Introducing Information Management book cover

Introducing Information Management

the business approach

This book provides a clear and concise overview of Information Management covering the key aspects of infrastructure, design, information assets and managing information.* Part 1 explores the diversity and changing nature of managing the information management function.* Part 2 investigates the role of information as an organizational resource.* Part 3 focuses on managing organizational data and information.* Part 4 examines the role of information management in organizational strategy and change.

2nd and 3rd year intermediate level for business studies programs and information systems courses, BIS module in Business Studies.BIS offered in Computer Science departments.


Published: July 2005

Imprint: Butterworth Heinemann

ISBN: 978-0-7506-6668-8


  • "It was over thirty years ago that Ronald Stamper wrote, 'The explosive growth of information technology has not been accompanied by a commensurate improvement in the understanding of information.' How far have we come since then? Not very far at all unfortunately. We still use the terms data and information as being synonymous, when they aren't. And we even compound the error by talking about IT-based knowledge management systems these days. It is high time, then, for a book that deals holistically with the very real issues of information management. This book ranges from an investigation of information as an organisational resource, to issues of managing data, to the role of information management in organisational strategy and change. Ever wondered why IT investments have failed to produce the expected returns or led to unintended outcomes? Read this book, and you'll get many of the answers you're looking for!" Bob Galliers, Provost and Vice President for Academic Affairs, Bentley College, USA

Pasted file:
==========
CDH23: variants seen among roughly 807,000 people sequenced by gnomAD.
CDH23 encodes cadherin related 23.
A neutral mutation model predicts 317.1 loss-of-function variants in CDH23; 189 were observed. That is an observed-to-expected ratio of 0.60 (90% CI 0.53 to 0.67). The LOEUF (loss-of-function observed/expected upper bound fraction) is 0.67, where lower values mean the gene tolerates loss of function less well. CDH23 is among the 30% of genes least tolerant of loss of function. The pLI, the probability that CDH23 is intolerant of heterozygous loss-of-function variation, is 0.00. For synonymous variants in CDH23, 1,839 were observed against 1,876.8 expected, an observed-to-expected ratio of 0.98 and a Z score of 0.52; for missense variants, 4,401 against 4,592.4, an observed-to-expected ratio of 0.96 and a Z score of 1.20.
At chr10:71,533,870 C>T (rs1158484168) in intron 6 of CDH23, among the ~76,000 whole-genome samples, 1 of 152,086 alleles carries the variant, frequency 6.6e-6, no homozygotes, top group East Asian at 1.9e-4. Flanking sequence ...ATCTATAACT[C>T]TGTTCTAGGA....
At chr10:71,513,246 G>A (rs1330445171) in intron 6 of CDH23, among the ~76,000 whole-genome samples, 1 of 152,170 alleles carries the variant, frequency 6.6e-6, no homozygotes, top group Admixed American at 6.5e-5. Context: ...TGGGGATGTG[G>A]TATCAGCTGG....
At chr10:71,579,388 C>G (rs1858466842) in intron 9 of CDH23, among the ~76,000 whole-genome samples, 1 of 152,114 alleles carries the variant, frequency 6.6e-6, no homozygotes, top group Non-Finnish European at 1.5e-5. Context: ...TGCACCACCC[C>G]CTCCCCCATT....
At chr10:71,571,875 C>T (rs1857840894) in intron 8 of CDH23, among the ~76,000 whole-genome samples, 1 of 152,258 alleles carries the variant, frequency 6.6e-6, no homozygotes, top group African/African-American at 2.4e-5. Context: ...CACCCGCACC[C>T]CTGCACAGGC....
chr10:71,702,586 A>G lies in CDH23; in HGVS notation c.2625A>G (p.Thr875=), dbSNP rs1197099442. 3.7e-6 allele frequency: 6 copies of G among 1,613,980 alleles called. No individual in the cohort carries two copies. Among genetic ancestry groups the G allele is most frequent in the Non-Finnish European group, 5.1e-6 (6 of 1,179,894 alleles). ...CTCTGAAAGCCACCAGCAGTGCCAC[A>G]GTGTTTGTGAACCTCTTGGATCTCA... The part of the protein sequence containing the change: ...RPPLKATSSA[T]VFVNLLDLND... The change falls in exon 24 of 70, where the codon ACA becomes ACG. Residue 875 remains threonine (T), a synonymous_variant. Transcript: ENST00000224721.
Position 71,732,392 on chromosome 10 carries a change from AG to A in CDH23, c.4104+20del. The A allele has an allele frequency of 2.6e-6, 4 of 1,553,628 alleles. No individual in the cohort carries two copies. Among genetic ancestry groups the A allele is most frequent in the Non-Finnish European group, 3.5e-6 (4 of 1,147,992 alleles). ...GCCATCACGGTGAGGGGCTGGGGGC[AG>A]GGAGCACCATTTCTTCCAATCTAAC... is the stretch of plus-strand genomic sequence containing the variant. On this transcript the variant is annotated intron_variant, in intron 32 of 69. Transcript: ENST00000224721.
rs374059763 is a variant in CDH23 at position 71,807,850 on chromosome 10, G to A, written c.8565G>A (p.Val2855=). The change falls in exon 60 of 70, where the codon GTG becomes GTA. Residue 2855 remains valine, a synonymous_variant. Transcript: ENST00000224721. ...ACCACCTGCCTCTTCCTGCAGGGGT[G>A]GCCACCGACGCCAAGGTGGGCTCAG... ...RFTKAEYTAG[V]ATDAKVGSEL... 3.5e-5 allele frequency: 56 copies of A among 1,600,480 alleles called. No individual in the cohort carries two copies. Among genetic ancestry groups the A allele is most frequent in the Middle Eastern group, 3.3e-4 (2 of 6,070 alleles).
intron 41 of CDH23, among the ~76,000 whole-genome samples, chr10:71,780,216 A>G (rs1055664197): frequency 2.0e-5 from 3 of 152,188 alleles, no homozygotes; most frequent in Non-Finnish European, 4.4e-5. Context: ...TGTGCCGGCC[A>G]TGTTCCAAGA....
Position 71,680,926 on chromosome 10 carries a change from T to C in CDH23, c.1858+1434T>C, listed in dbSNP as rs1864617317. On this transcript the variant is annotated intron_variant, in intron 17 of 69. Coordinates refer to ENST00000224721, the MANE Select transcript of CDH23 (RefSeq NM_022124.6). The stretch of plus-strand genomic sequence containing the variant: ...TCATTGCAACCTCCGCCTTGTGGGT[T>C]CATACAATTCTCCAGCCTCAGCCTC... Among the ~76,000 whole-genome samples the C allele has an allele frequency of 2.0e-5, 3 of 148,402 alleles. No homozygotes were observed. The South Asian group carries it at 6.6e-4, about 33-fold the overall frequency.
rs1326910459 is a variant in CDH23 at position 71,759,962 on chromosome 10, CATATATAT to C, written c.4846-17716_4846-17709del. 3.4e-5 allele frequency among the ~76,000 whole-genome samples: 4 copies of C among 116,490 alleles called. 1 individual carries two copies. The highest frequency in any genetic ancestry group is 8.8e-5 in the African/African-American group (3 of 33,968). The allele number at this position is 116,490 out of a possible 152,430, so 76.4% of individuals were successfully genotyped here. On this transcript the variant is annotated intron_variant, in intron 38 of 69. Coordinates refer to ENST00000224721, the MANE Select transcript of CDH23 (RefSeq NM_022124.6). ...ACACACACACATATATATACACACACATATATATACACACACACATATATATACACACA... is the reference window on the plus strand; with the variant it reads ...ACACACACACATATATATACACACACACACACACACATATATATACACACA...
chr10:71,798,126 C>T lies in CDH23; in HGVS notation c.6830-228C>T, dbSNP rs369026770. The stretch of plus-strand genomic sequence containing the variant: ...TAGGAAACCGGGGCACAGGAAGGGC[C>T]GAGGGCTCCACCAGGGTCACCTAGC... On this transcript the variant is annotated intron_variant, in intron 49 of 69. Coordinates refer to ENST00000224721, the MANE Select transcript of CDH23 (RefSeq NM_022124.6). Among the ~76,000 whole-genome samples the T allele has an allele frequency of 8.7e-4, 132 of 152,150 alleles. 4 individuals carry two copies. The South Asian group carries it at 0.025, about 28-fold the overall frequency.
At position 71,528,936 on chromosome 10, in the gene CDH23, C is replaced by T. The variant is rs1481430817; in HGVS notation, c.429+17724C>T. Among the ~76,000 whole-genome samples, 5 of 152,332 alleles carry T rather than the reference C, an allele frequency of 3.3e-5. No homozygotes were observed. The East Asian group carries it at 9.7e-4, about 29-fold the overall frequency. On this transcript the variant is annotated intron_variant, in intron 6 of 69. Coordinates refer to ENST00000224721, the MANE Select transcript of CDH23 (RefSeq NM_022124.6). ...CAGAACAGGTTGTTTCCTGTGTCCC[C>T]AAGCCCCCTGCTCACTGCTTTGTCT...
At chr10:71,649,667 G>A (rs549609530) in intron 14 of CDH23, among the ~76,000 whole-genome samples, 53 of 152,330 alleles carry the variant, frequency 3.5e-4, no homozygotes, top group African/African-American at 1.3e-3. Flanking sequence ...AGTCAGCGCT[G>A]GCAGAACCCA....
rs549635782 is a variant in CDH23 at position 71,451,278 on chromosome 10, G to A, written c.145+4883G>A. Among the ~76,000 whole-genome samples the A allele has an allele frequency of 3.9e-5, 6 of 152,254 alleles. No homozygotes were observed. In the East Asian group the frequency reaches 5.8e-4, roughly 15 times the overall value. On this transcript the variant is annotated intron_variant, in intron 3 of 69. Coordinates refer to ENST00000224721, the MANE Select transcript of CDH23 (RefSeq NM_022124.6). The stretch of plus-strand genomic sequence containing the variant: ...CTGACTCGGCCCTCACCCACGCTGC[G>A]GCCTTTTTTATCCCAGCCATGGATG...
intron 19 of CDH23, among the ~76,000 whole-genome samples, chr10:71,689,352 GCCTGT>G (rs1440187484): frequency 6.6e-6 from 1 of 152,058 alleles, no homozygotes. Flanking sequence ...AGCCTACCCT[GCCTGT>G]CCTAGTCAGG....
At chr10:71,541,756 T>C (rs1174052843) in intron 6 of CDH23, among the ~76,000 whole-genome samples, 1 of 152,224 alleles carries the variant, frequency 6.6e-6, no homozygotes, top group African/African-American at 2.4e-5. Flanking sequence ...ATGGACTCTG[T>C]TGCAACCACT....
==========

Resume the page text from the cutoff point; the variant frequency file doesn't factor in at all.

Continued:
• Introduction: Managing the Information Management Function – Managing information in modern organizations (Hinton); Organizing and leading the information technology function (Applegate, McFarlan and McHenney); Introduction: Information as an Organizational Resource – Data, capta, information and knowledge (Checkland and Holwell); The process of information management (Hinton); The processes which information systems support (Checkland and Holwell); Organizations and information (Orna); Introduction: Managing Organizational Data and Information – Generic types of information systems (Hinton); Business information systems (O’Brien); Information systems for human resource applications (Bee and Bee); Distributed systems, EDI and the organization (Curtis and Cobham); Introduction: Information Management in Organizational Strategy and Change – Strategy and information systems (Curtis and Cobham); The search for opportunity (Applegate, McFarlan and McKenney); The need for redesign (Robson); Investing in information technology (Hinton and Kaye); Index.


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